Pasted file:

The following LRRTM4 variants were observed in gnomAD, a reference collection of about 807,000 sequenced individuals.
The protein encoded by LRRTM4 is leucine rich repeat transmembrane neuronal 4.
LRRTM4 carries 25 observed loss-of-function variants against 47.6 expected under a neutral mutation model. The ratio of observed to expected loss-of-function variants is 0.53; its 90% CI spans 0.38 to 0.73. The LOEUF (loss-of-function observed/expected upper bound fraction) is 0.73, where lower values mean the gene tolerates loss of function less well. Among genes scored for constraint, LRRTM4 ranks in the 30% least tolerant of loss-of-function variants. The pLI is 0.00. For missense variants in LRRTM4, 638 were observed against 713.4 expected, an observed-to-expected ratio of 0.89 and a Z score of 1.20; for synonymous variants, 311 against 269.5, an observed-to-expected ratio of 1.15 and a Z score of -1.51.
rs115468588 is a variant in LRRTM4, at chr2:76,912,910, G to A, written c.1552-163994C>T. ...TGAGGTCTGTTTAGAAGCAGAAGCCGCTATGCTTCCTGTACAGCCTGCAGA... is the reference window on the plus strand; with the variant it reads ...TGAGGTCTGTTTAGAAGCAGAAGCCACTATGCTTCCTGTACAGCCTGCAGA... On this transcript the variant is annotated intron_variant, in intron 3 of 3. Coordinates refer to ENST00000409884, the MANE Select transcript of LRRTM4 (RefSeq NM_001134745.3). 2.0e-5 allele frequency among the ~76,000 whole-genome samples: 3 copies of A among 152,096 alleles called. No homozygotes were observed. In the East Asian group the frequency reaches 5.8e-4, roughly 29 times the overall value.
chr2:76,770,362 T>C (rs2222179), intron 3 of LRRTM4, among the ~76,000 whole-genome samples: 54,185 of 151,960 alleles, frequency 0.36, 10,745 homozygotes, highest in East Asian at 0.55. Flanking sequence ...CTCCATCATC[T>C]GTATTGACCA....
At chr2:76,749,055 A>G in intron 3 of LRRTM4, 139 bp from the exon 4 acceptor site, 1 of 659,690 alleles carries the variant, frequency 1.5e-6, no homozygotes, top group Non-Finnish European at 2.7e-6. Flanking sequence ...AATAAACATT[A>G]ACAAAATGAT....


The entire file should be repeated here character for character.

The following LRRTM4 variants were observed in gnomAD, a reference collection of about 807,000 sequenced individuals.
The protein encoded by LRRTM4 is leucine rich repeat transmembrane neuronal 4.
LRRTM4 carries 25 observed loss-of-function variants against 47.6 expected under a neutral mutation model. The ratio of observed to expected loss-of-function variants is 0.53; its 90% CI spans 0.38 to 0.73. The LOEUF (loss-of-function observed/expected upper bound fraction) is 0.73, where lower values mean the gene tolerates loss of function less well. Among genes scored for constraint, LRRTM4 ranks in the 30% least tolerant of loss-of-function variants. The pLI is 0.00. For missense variants in LRRTM4, 638 were observed against 713.4 expected, an observed-to-expected ratio of 0.89 and a Z score of 1.20; for synonymous variants, 311 against 269.5, an observed-to-expected ratio of 1.15 and a Z score of -1.51.
rs115468588 is a variant in LRRTM4, at chr2:76,912,910, G to A, written c.1552-163994C>T. ...TGAGGTCTGTTTAGAAGCAGAAGCCGCTATGCTTCCTGTACAGCCTGCAGA... is the reference window on the plus strand; with the variant it reads ...TGAGGTCTGTTTAGAAGCAGAAGCCACTATGCTTCCTGTACAGCCTGCAGA... On this transcript the variant is annotated intron_variant, in intron 3 of 3. Coordinates refer to ENST00000409884, the MANE Select transcript of LRRTM4 (RefSeq NM_001134745.3). 2.0e-5 allele frequency among the ~76,000 whole-genome samples: 3 copies of A among 152,096 alleles called. No homozygotes were observed. In the East Asian group the frequency reaches 5.8e-4, roughly 29 times the overall value.
chr2:76,770,362 T>C (rs2222179), intron 3 of LRRTM4, among the ~76,000 whole-genome samples: 54,185 of 151,960 alleles, frequency 0.36, 10,745 homozygotes, highest in East Asian at 0.55. Flanking sequence ...CTCCATCATC[T>C]GTATTGACCA....
At chr2:76,749,055 A>G in intron 3 of LRRTM4, 139 bp from the exon 4 acceptor site, 1 of 659,690 alleles carries the variant, frequency 1.5e-6, no homozygotes, top group Non-Finnish European at 2.7e-6. Flanking sequence ...AATAAACATT[A>G]ACAAAATGAT....